PopCorn Experiment

Do White Kernels Pop Better Than Yellow Kernels?

Hypothesis

White kernels pop more efficiently than yellow kernels.

Independent Variable

Type of Popcorn

Dependent Variable

Amount of Popcorn popped

Materials

  • A bag of buttered popcorn
  • A bag of kettle corn or nonbuttered popcorn
  • 2 Large bowls
  • a microwave

Steps

  1. Make sure you have a chart to record your results ready.
  2. Open each bag of popcorn and pour each bag into 1 bowl.
  3. Count out 100 kernels from each bag of popcorn.
  4. Only use the 100 kernels you previously counted and place those kernels in the bowls. Make sure you DO NOT mix the different kernel types.
  5. Place both bowls into the microwave separately and heat the kernels until you no longer hear popping.
  6. Let the popcorn cool. Then count the number of remaining kernels.
  7. Record the amount of popcorn popped in the chart over 100.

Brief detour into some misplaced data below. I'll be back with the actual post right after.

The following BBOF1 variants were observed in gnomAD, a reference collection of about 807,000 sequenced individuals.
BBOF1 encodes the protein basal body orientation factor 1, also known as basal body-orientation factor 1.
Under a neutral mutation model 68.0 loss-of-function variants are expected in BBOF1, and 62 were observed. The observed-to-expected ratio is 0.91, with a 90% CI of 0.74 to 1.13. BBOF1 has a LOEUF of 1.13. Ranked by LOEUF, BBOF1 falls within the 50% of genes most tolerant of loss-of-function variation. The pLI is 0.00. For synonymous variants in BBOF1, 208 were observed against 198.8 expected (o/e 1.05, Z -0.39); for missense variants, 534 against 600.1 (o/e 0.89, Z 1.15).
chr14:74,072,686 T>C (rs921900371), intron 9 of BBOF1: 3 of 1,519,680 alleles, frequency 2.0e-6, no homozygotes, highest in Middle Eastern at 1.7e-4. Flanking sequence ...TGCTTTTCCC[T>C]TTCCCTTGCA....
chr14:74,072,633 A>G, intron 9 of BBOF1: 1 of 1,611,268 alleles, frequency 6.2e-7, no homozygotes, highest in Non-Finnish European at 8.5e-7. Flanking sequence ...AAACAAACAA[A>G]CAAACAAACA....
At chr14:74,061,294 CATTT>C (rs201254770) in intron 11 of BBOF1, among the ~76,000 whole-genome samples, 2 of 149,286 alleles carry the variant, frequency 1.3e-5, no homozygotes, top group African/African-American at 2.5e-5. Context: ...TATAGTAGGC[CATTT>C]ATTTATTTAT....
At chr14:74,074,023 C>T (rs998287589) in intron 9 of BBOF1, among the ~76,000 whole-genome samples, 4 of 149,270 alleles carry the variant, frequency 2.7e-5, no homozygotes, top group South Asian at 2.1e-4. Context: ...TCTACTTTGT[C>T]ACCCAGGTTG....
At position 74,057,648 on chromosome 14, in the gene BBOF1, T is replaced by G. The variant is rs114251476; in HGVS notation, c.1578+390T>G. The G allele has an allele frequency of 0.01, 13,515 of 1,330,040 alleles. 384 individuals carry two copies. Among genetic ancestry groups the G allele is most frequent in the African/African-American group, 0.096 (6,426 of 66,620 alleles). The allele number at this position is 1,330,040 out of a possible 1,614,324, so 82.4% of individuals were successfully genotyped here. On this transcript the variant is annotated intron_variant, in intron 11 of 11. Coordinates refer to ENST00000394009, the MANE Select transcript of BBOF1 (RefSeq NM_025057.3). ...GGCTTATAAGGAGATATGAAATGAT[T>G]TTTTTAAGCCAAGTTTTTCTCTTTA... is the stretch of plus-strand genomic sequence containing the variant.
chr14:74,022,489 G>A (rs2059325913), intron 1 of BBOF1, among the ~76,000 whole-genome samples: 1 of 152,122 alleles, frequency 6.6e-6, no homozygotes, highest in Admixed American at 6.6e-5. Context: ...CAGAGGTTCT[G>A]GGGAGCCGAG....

8. Repeat steps 6 & 7 for the other bowl of popcorn.
  9. Find the percent of popcorn popped for both the white and yellow popcorn. This is done by using the number of popcorn popped over the amount of popcorn total.
  10. Repeat steps 1-9 at least two times to ensure accuracy.

Data

Big image

Conclusion

My data supports my hypothesis. White popcorn popped more efficiently than yellow popcorn. The kettle corn popped an average of 86 kernels out of 100, while the buttered popcorn only popped an average of 73 kernels out of 100. This may have happened because the butter may have effected the amount of kernels able to pop. The buttered popcorn has more artificial flavors whereas the kettle corn has more natural ingredients.